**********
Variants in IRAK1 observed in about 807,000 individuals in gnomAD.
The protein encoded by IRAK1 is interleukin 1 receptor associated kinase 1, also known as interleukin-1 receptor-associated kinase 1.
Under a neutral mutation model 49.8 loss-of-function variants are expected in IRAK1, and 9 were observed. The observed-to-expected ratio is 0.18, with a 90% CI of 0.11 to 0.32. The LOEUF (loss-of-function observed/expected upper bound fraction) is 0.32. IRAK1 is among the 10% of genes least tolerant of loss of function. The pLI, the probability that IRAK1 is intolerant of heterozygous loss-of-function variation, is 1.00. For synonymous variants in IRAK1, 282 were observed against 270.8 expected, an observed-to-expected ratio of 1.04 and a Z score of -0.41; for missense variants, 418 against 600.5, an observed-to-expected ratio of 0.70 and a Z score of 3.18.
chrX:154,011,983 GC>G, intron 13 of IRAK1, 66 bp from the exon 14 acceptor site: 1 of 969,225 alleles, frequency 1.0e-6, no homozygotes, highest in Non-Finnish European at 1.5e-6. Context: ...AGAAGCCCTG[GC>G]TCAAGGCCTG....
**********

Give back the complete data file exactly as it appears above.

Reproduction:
Variants in IRAK1 observed in about 807,000 individuals in gnomAD.
The protein encoded by IRAK1 is interleukin 1 receptor associated kinase 1, also known as interleukin-1 receptor-associated kinase 1.
Under a neutral mutation model 49.8 loss-of-function variants are expected in IRAK1, and 9 were observed. The observed-to-expected ratio is 0.18, with a 90% CI of 0.11 to 0.32. The LOEUF (loss-of-function observed/expected upper bound fraction) is 0.32. IRAK1 is among the 10% of genes least tolerant of loss of function. The pLI, the probability that IRAK1 is intolerant of heterozygous loss-of-function variation, is 1.00. For synonymous variants in IRAK1, 282 were observed against 270.8 expected, an observed-to-expected ratio of 1.04 and a Z score of -0.41; for missense variants, 418 against 600.5, an observed-to-expected ratio of 0.70 and a Z score of 3.18.
chrX:154,011,983 GC>G, intron 13 of IRAK1, 66 bp from the exon 14 acceptor site: 1 of 969,225 alleles, frequency 1.0e-6, no homozygotes, highest in Non-Finnish European at 1.5e-6. Context: ...AGAAGCCCTG[GC>G]TCAAGGCCTG....